Clark Quinn's Learnings about Learning
(The Official Quinnovation blog)

5 March 2010

Some accumulated thoughts…

Clark @ 5:35 PM

I have had my head down cranking out the manuscript for my mobile learning book. The deadline for the first draft is breathing down my neck, and I’ve been quite busy with some client work as well.  The proverbial one-armed paper hanger comes to mind.

However, that does not mean my mind has been idle.  Far from, actually.  It’s just not been possible  to find the time to do the thoughts justice.  I’m not really going to here, either, but I do want to toss out some recent thoughts and see what resonates with you, so these are mini-blogs (not microblogging):

A level above

I have long argued that we don’t use mental models enough in our learning, and also that we focus too much on knowledge and not enough on skills.  As I  think about developing learning, I want to equip learners to be able to regenerate the approach they should be using if they forget some part of it, and can if they have been given a conceptual model as relationships that guide the application to a problem.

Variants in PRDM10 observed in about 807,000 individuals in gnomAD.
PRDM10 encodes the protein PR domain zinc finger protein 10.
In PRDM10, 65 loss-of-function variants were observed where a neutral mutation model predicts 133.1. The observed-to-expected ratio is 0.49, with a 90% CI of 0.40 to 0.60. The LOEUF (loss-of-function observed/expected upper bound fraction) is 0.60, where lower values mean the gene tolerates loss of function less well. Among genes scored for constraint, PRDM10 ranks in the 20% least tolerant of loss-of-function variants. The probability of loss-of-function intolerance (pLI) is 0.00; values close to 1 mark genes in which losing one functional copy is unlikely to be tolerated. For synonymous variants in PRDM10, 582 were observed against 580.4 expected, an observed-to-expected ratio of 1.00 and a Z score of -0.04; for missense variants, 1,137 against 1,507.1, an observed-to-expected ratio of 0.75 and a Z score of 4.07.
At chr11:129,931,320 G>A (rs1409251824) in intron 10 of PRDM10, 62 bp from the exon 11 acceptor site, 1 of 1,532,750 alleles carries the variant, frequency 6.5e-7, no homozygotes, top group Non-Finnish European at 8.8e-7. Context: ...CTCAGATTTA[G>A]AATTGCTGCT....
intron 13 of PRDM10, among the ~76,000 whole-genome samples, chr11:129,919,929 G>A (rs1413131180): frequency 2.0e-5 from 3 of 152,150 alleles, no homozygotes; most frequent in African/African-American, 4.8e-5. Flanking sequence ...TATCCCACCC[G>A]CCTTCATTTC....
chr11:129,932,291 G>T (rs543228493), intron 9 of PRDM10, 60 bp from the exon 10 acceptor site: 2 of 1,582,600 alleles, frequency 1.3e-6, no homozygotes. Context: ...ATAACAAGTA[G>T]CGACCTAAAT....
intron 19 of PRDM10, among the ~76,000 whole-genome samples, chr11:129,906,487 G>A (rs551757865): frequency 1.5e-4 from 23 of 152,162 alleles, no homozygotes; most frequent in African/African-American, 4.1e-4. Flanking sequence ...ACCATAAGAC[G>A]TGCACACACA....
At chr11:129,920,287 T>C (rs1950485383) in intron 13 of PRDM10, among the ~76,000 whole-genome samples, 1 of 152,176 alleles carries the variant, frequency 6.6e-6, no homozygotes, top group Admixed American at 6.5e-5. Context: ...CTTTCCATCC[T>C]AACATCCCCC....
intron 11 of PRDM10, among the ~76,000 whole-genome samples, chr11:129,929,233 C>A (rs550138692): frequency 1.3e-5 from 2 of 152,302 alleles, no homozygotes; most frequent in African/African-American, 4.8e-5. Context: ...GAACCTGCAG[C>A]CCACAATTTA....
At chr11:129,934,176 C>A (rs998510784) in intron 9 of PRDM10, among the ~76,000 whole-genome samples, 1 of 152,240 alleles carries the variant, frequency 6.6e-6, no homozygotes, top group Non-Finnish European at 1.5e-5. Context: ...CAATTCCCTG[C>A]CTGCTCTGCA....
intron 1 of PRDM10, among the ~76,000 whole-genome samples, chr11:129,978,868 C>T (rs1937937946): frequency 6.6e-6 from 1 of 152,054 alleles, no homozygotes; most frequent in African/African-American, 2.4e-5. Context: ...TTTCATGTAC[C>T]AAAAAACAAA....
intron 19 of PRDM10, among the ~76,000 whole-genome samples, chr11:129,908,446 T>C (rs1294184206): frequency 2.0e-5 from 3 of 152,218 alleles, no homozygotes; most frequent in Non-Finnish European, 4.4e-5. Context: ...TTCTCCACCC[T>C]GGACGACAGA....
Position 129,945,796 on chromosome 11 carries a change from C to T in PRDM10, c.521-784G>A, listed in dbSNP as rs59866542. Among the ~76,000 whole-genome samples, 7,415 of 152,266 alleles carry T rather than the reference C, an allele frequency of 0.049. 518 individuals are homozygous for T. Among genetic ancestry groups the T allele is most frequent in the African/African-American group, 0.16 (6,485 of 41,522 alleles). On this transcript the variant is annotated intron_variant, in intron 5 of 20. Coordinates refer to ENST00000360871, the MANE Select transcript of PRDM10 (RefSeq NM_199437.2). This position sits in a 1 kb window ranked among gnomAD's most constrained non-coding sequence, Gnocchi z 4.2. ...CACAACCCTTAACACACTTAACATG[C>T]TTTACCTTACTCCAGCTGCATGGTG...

I realize I want to go further, however.  Given the rate of change of things these days, and the need to empower learners to go beyond just what is presented (moving from training to education, in a sense), I think we need to go further to facilitate the transition from ‘dependent’ learning to independent and interdependent learning, as my colleague Harold Jarche so nicely puts it.

To do that, I think we need to take our presentation of the model a little bit further.  I think we need to look at, as a goal, having presented the learning in such a way that our learners understand the concept not only to regenerate, but maintain, extend, and self-improve.  Yes, it is some extra work, but I think that is going to be critical. It will not only be the role of the university (despite Father Guido), but also the workplace. It’s not quite clear what that means practically, but I definitely want to put this stake into the ground to start thinking about it.  What are your thoughts?